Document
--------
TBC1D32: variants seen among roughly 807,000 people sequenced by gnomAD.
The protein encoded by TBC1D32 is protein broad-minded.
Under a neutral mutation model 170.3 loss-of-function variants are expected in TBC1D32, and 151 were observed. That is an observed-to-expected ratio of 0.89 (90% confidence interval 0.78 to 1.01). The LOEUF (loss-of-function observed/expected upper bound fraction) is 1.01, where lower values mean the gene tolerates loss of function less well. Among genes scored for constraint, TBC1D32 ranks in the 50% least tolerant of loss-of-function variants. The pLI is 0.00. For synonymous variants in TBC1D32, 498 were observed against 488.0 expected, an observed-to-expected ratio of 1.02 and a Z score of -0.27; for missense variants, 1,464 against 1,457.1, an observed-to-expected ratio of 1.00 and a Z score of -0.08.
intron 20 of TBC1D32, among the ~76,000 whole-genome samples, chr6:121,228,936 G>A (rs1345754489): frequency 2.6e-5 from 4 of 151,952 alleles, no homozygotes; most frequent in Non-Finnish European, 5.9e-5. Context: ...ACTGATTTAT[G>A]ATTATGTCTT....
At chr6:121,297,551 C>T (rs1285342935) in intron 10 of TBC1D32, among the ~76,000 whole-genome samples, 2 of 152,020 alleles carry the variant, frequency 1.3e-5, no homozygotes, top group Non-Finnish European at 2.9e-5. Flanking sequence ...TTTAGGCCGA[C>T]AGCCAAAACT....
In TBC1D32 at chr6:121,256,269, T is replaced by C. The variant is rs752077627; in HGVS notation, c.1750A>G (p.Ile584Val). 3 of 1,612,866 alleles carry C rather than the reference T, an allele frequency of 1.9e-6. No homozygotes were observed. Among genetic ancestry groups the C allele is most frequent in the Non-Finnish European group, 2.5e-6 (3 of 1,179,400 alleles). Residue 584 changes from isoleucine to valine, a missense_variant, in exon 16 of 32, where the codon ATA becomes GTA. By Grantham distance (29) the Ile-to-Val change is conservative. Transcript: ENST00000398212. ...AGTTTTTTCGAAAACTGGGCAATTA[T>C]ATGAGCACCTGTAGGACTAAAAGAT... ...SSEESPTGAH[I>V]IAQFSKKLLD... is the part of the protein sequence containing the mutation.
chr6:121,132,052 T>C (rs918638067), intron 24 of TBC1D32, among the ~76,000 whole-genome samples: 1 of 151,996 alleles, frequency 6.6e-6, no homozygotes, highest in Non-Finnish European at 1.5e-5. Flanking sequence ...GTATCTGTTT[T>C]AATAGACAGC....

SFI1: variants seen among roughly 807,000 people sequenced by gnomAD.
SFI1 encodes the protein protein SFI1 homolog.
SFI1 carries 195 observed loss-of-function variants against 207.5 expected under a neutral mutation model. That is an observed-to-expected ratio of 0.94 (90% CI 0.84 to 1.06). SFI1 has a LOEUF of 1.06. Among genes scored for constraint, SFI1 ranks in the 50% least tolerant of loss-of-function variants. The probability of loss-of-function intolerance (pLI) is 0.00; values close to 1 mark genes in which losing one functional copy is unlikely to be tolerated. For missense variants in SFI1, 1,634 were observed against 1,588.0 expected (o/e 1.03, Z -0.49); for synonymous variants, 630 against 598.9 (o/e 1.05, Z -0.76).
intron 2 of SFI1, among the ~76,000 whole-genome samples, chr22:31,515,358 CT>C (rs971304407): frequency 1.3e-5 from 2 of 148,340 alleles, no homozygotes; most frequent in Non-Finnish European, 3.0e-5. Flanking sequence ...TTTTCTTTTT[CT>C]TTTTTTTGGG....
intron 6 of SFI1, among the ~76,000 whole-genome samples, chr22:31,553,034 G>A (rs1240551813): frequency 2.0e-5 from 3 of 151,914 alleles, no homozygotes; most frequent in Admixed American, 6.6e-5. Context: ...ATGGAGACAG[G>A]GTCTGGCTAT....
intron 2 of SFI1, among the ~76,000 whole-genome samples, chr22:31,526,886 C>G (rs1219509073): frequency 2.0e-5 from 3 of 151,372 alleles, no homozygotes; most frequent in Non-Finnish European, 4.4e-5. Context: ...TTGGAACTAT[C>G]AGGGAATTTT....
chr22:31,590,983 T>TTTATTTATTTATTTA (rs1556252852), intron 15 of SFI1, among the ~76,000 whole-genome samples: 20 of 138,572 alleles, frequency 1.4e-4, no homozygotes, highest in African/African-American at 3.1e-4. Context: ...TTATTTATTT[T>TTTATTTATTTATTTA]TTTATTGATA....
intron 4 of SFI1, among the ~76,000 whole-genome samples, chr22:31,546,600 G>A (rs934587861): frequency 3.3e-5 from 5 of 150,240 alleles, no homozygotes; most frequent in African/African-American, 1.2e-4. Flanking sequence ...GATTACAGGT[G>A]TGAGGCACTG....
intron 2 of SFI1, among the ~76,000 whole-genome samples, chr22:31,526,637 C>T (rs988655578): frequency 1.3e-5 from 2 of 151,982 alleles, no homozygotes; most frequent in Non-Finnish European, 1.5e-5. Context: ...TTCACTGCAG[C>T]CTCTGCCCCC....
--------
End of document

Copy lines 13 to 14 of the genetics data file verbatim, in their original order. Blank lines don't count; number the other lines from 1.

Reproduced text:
intron 2 of SFI1, among the ~76,000 whole-genome samples, chr22:31,526,886 C>G (rs1219509073): frequency 2.0e-5 from 3 of 151,372 alleles, no homozygotes; most frequent in Non-Finnish European, 4.4e-5. Context: ...TTGGAACTAT[C>G]AGGGAATTTT....
chr22:31,590,983 T>TTTATTTATTTATTTA (rs1556252852), intron 15 of SFI1, among the ~76,000 whole-genome samples: 20 of 138,572 alleles, frequency 1.4e-4, no homozygotes, highest in African/African-American at 3.1e-4. Context: ...TTATTTATTT[T>TTTATTTATTTATTTA]TTTATTGATA....